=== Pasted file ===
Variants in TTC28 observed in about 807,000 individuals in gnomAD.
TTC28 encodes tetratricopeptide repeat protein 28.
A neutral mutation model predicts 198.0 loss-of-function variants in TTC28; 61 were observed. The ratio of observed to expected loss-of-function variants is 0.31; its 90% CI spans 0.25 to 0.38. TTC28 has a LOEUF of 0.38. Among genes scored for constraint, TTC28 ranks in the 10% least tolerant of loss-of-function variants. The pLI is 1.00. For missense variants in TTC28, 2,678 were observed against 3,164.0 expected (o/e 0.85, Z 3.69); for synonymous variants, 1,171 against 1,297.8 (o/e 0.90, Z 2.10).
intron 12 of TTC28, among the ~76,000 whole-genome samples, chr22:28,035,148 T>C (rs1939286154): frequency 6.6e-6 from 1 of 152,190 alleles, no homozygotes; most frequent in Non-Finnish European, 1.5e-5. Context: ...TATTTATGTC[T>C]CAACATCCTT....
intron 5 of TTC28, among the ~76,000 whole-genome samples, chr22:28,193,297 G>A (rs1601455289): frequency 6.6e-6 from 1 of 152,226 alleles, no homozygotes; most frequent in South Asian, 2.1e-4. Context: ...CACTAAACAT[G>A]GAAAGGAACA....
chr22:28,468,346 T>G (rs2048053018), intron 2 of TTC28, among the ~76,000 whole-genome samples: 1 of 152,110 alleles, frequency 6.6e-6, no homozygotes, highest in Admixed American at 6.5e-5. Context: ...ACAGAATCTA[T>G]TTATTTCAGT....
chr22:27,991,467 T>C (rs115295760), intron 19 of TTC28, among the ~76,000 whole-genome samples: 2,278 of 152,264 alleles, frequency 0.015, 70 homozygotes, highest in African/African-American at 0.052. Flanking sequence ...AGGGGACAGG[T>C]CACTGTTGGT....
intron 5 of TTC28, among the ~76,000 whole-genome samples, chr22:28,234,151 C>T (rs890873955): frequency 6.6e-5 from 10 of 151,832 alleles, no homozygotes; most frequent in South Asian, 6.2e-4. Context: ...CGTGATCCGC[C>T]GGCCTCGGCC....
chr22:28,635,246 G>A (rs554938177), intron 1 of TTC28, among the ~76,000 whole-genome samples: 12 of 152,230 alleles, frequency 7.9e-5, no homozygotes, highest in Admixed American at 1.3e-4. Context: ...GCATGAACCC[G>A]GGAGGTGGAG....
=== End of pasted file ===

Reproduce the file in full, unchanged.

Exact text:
Variants in TTC28 observed in about 807,000 individuals in gnomAD.
TTC28 encodes tetratricopeptide repeat protein 28.
A neutral mutation model predicts 198.0 loss-of-function variants in TTC28; 61 were observed. The ratio of observed to expected loss-of-function variants is 0.31; its 90% CI spans 0.25 to 0.38. TTC28 has a LOEUF of 0.38. Among genes scored for constraint, TTC28 ranks in the 10% least tolerant of loss-of-function variants. The pLI is 1.00. For missense variants in TTC28, 2,678 were observed against 3,164.0 expected (o/e 0.85, Z 3.69); for synonymous variants, 1,171 against 1,297.8 (o/e 0.90, Z 2.10).
intron 12 of TTC28, among the ~76,000 whole-genome samples, chr22:28,035,148 T>C (rs1939286154): frequency 6.6e-6 from 1 of 152,190 alleles, no homozygotes; most frequent in Non-Finnish European, 1.5e-5. Context: ...TATTTATGTC[T>C]CAACATCCTT....
intron 5 of TTC28, among the ~76,000 whole-genome samples, chr22:28,193,297 G>A (rs1601455289): frequency 6.6e-6 from 1 of 152,226 alleles, no homozygotes; most frequent in South Asian, 2.1e-4. Context: ...CACTAAACAT[G>A]GAAAGGAACA....
chr22:28,468,346 T>G (rs2048053018), intron 2 of TTC28, among the ~76,000 whole-genome samples: 1 of 152,110 alleles, frequency 6.6e-6, no homozygotes, highest in Admixed American at 6.5e-5. Context: ...ACAGAATCTA[T>G]TTATTTCAGT....
chr22:27,991,467 T>C (rs115295760), intron 19 of TTC28, among the ~76,000 whole-genome samples: 2,278 of 152,264 alleles, frequency 0.015, 70 homozygotes, highest in African/African-American at 0.052. Flanking sequence ...AGGGGACAGG[T>C]CACTGTTGGT....
intron 5 of TTC28, among the ~76,000 whole-genome samples, chr22:28,234,151 C>T (rs890873955): frequency 6.6e-5 from 10 of 151,832 alleles, no homozygotes; most frequent in South Asian, 6.2e-4. Context: ...CGTGATCCGC[C>T]GGCCTCGGCC....
chr22:28,635,246 G>A (rs554938177), intron 1 of TTC28, among the ~76,000 whole-genome samples: 12 of 152,230 alleles, frequency 7.9e-5, no homozygotes, highest in Admixed American at 1.3e-4. Context: ...GCATGAACCC[G>A]GGAGGTGGAG....